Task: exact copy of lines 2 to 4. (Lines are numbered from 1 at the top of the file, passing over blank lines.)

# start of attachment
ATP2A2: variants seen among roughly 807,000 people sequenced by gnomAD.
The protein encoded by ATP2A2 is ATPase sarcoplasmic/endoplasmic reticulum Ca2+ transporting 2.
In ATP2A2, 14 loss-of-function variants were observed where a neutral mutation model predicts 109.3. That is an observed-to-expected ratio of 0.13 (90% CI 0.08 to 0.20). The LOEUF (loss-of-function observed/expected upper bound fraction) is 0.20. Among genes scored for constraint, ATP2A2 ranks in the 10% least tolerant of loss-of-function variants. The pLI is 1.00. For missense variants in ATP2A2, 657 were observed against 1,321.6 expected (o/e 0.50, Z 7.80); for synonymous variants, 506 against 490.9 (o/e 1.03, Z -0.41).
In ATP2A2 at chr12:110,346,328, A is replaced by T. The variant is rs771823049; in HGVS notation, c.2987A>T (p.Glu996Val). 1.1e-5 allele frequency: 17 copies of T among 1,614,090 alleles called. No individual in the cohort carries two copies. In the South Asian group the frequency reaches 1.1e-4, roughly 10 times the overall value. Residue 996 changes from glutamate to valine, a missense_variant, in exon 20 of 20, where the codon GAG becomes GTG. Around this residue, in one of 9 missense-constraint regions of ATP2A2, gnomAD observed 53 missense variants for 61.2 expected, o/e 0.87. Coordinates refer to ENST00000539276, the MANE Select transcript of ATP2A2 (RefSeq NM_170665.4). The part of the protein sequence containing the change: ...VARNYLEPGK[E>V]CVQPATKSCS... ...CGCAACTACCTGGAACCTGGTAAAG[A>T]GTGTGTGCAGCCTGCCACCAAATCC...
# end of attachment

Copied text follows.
The protein encoded by ATP2A2 is ATPase sarcoplasmic/endoplasmic reticulum Ca2+ transporting 2.
In ATP2A2, 14 loss-of-function variants were observed where a neutral mutation model predicts 109.3. That is an observed-to-expected ratio of 0.13 (90% CI 0.08 to 0.20). The LOEUF (loss-of-function observed/expected upper bound fraction) is 0.20. Among genes scored for constraint, ATP2A2 ranks in the 10% least tolerant of loss-of-function variants. The pLI is 1.00. For missense variants in ATP2A2, 657 were observed against 1,321.6 expected (o/e 0.50, Z 7.80); for synonymous variants, 506 against 490.9 (o/e 1.03, Z -0.41).
In ATP2A2 at chr12:110,346,328, A is replaced by T. The variant is rs771823049; in HGVS notation, c.2987A>T (p.Glu996Val). 1.1e-5 allele frequency: 17 copies of T among 1,614,090 alleles called. No individual in the cohort carries two copies. In the South Asian group the frequency reaches 1.1e-4, roughly 10 times the overall value. Residue 996 changes from glutamate to valine, a missense_variant, in exon 20 of 20, where the codon GAG becomes GTG. Around this residue, in one of 9 missense-constraint regions of ATP2A2, gnomAD observed 53 missense variants for 61.2 expected, o/e 0.87. Coordinates refer to ENST00000539276, the MANE Select transcript of ATP2A2 (RefSeq NM_170665.4). The part of the protein sequence containing the change: ...VARNYLEPGK[E>V]CVQPATKSCS... ...CGCAACTACCTGGAACCTGGTAAAG[A>T]GTGTGTGCAGCCTGCCACCAAATCC...